As recruiters we are often intrigued by the level and quality of induction and onboarding for new recruits or promoted internals. There are significant costs in firstly recruiting, but also the costs of losing someone because they dont settle or fail to perform to the required standard. So why invest time and cost in getting the right person, only to not fully support them. Some similar views found in this article:
Onboarding: A bespoke approach that reduces costs and increases productivity
Approximately 25% of the working population make a job move every year. Given the rise of the gig economy and the game changing impact of virtual technology, our increasingly automated workplaces can anticipate even higher levels of employee movement. As the trend takes hold the cost of replacing leavers has the potential to rocket. In fact, according to a study by Oxford Economics in 2014 it costs the organisation a staggering £30,000 to replace a single job. This includes costly recruitment campaigns, lengthy selection activities, unsatisfactory temporary resources, labour costs, logistical expenses and loss of productivity.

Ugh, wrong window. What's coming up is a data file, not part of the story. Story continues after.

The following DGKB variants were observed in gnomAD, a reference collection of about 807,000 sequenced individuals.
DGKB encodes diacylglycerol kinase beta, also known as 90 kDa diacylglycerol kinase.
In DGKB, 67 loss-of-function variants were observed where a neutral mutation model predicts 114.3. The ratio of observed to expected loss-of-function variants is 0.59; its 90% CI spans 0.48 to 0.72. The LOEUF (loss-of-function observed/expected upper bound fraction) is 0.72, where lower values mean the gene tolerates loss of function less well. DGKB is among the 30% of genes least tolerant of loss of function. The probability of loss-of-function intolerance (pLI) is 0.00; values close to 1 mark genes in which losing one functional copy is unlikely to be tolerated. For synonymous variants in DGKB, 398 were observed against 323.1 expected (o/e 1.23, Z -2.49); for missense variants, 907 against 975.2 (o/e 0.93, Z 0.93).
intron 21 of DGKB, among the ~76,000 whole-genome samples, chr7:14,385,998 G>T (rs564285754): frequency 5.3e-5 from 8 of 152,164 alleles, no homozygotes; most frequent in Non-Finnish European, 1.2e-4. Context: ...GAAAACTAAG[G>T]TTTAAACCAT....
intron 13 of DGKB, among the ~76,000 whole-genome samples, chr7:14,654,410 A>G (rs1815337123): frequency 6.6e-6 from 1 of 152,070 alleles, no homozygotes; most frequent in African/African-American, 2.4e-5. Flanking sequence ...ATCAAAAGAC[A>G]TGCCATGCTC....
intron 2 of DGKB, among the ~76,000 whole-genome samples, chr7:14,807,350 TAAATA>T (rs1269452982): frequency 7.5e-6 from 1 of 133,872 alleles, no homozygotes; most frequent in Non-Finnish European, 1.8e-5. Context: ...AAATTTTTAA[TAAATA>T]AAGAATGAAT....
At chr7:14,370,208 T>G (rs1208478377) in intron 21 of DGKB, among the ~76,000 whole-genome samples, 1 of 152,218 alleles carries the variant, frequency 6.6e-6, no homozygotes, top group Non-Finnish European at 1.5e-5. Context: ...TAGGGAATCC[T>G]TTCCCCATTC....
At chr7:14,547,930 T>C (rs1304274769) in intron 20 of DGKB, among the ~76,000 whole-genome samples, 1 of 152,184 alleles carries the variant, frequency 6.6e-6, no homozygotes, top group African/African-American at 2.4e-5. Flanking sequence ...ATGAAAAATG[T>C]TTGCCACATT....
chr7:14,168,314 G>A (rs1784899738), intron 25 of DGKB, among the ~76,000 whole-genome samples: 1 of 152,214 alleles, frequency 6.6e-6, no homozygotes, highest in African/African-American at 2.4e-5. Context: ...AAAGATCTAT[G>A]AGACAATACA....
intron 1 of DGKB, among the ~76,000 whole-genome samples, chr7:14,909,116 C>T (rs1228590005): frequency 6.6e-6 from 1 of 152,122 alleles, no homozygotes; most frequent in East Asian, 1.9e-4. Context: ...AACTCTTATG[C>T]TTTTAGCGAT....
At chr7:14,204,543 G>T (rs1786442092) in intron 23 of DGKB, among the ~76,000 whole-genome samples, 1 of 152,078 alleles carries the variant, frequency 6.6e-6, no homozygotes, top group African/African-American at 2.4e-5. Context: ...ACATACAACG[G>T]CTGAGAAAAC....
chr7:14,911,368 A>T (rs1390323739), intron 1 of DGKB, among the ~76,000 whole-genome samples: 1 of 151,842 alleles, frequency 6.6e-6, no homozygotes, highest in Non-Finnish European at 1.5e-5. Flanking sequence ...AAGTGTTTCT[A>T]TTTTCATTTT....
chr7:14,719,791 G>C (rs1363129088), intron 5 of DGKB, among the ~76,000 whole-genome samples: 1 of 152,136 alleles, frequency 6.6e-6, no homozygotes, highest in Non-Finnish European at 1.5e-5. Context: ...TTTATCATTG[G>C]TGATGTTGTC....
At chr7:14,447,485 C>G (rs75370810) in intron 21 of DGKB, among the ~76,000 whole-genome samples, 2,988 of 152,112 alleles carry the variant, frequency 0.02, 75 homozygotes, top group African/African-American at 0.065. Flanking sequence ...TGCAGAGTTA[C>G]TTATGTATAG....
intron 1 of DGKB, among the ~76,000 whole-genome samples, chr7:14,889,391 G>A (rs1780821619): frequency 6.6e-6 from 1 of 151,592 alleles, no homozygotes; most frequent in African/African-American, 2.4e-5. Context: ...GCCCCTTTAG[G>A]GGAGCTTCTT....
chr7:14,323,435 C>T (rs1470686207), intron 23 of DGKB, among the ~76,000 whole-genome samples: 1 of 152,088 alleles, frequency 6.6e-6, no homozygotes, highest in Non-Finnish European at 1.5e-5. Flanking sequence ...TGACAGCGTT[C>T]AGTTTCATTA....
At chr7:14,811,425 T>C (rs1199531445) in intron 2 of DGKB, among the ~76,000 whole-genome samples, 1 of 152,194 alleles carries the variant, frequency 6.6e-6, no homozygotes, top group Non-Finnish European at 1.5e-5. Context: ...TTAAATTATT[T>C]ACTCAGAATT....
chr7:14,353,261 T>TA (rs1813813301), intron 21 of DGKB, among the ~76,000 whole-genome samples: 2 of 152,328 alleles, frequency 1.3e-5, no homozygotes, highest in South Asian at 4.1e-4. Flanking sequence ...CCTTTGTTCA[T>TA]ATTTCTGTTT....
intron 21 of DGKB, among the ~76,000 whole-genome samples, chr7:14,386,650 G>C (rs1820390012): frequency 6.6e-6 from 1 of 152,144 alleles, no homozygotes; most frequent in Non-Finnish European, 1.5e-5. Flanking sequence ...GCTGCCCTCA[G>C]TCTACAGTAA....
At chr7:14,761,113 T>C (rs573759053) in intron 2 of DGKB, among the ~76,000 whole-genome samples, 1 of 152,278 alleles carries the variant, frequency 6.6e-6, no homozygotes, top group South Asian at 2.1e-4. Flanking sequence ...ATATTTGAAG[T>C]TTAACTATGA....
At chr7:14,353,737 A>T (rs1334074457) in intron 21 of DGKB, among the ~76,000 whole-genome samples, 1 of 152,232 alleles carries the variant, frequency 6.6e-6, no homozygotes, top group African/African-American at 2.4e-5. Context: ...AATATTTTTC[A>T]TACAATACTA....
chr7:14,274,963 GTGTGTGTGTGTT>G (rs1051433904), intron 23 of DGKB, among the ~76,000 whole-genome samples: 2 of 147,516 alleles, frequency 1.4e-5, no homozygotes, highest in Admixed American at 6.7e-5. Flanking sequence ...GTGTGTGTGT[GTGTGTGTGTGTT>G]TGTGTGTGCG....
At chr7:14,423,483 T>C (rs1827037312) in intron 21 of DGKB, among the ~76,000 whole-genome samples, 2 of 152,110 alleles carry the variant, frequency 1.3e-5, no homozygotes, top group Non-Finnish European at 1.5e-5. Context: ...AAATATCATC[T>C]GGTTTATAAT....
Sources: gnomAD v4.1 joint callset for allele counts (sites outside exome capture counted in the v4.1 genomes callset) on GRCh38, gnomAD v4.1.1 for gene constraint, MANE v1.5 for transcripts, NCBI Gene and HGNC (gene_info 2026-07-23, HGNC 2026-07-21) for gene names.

Over time, faced with a new reality, organisations will be forced to take steps to reign in the direct costs of recruitment finding innovative, faster and more cost effective ways to attract and select employees. However, indirect costs such as loss of productivity are more evasive and more complex to address. For example, there is a period of time when the departing employee starts a process of ‘letting go’. As they disassociate the impact of their diminishing productivity will be felt keenly by the people who rely on their know-how and contribution. To further compound the dilemma, it also takes some time for the incoming employee to reach an optimal level of productivity.
So, is loss of productivity inevitable and can it be minimised?
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